5 Very Smart People Who Think Artificial Intelligence Could Bring the Apocalypse
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5 Very Smart People Who Think Artificial Intelligence Could Bring the Apocalypse

Share Victor Luckerson   Dec. 2, 2014 Theoretical physicist Stephen Hawking poses for a picture ahead of a gala screening of the documentary ‘Hawking’, a film about the scientist’s life.AFP/Getty Images ‘The end of the human race’ On the list of doomsday scenarios that could wipe out the human race, super-smart killer robots rate pretty high in the public consciousness. And in scientific circles, a growing number of artificial intelligence experts agree that humans will eventually create an artificial intelligence that can think beyond our own capacities. This moment, called the singularity, could create a utopia in which robots automate common forms of labor and humans relax amid bountiful resources. Or it could lead the artificial intelligence, or AI, to exterminate any creatures it views as competitors for control of the Earth—that would be us. Stephen Hawking has long seen the latter as more likely, and he made his thoughts known again in a recent interview with the BBC. Here are some comments by Hawking and other very smart people who agree that, yes, AI could be the downfall of humanity. Stephen Hawking “The development of full artificial intelligence could spell the end of the human race,” the world-renowned physicist told the BBC. “It would take off on its own and re-design itself at an ever increasing rate. Humans, who are limited by slow biological evolution, couldn’t compete, and would be superseded.” Hawking has been voicing this apocalyptic vision for a while. In a May column in response to Transcendence, the sci-fi movie about the singularity starring Johnny Depp, Hawking criticized researchers for not doing more to protect humans from the risks of AI. “If a superior alien civilisation sent us a message saying, ‘We’ll arrive in a few decades,’ would we just reply, ‘OK, call us when you get here—we’ll leave the lights on’? Probably not—but this is more or less what is happening with AI,” he wrote. Elon Musk Known for his businesses on the cutting edge of tech, such as Tesla and SpaceX, Musk is no fan of AI. At a conference at MIT in October, Musk likened improving artificial intelligence to “summoning the demon” and called it the human race’s biggest existential threat. He’s also tweeted that AI could be more dangerous than nuclear weapons. Musk called for the establishment of national or international regulations on the development of AI. Nick Bostrom The Swedish philosopher is the director of the Future of Humanity Institute at the University of Oxford, where he’s spent a lot of time thinking about the potential outcomes of the singularity. In his new book Superintelligence, Bostrom argues that once machines surpass human...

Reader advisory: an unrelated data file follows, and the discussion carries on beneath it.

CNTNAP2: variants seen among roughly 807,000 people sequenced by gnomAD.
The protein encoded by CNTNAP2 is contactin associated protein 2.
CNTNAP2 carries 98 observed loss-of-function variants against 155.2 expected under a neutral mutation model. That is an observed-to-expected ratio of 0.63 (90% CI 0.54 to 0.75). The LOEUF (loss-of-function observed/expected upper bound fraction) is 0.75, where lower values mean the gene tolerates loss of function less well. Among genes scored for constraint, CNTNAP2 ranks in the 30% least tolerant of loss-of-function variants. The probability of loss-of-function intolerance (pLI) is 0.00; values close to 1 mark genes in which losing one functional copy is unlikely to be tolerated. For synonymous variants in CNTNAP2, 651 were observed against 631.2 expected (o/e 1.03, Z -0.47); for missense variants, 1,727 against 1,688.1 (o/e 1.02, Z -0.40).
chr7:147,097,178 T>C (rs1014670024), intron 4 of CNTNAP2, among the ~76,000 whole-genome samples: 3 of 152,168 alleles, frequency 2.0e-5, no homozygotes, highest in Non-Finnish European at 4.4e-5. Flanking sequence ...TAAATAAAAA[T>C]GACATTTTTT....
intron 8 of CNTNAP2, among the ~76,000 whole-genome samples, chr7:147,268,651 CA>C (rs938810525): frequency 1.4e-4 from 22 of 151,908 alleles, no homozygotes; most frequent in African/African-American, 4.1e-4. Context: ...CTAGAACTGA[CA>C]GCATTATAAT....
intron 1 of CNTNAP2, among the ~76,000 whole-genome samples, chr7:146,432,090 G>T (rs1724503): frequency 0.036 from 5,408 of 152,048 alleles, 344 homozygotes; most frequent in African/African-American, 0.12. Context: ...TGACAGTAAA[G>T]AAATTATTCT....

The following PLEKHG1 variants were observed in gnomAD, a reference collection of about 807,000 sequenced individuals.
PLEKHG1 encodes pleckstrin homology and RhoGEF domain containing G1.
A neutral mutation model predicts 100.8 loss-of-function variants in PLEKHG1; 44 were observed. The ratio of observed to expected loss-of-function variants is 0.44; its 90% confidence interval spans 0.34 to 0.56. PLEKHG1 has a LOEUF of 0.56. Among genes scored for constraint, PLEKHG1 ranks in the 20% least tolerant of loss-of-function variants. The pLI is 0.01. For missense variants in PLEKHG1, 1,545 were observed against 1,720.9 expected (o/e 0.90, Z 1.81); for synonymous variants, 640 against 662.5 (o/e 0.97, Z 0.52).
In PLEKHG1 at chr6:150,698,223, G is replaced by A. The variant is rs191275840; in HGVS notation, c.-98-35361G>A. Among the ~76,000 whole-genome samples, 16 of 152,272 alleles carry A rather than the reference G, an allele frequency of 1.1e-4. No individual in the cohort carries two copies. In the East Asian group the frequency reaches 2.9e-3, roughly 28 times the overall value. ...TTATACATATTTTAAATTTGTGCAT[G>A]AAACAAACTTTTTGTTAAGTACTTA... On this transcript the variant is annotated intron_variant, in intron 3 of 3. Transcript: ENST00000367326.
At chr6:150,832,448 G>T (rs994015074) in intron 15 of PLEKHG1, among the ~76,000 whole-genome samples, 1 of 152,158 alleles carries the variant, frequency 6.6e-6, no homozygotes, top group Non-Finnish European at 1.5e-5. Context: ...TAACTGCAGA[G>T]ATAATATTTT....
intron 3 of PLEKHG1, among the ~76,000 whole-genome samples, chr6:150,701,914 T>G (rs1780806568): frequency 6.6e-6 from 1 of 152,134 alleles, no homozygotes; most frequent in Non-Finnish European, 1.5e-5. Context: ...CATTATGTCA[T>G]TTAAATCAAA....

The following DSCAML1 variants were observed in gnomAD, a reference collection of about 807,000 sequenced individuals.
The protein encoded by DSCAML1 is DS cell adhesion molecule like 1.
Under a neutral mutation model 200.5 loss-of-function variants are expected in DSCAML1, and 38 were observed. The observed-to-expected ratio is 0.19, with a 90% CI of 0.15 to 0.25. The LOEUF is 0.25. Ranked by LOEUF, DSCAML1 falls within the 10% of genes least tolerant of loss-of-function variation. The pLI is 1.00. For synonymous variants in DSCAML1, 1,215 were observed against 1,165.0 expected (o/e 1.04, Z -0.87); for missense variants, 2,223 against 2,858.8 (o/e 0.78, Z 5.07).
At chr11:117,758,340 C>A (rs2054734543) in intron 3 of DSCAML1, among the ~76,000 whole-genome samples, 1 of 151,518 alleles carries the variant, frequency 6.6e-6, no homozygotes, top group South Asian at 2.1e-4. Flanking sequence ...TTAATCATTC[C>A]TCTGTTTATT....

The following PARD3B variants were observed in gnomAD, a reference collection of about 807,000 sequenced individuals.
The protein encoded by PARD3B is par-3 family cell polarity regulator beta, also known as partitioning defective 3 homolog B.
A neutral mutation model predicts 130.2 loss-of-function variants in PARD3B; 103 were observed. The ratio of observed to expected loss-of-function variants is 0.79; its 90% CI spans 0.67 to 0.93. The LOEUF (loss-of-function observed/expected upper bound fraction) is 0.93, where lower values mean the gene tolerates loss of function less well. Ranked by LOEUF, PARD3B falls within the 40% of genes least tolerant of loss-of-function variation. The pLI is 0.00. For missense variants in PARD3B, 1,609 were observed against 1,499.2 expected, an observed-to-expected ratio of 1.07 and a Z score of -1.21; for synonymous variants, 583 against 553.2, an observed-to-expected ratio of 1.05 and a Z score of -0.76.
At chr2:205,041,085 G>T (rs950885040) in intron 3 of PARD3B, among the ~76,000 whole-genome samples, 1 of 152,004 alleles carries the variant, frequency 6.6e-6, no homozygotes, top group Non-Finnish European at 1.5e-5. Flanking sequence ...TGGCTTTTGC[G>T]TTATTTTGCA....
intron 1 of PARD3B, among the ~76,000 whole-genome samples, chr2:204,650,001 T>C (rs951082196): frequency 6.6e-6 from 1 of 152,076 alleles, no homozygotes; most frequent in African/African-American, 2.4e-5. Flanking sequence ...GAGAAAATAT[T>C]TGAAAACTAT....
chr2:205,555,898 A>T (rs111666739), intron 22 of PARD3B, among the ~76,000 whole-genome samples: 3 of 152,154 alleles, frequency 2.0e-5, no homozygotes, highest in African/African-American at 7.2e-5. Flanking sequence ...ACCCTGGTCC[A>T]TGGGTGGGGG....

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Richard Feynman on How Computers Think [or Not]

Shareby SOCRATES This is a classic Richard Feynman – 1965 Nobel Prize Laureate in Physics, video lecture on how computers think [or not]. As always Feynman gives us an insightful presentation about computer heuristics: how computers work, how they file information, how they handle data, how they use their information in allocated processing in a finite amount of time to solve problems and how they actually compute values of interest to human beings. These topics are essential in the study of what processes reduce the amount of work done in solving a particular problem in computers, giving them speeds of solving problems that can outmatch humans in certain fields but which have not yet reached the complexity of human driven intelligence. The question if human thought is a series of fixed processes that could be, in principle, imitated by a computer is a major theme of this lecture and, in Feynman’s trademark style of teaching, gives us clear and yet very powerful answers for this field which has gone on to consume so much of our lives today. No doubt this lecture will be of crucial interest to anyone who has ever wondered about the process of human or machine thinking and if a synthesis between the two can be made without violating logic. My favorite quote from this Richard Feynman video is his definition of a computer: “A glorified, high-class, very fast but stupid filing system.” See more here:Richard Feynman on How Computers Think [or...

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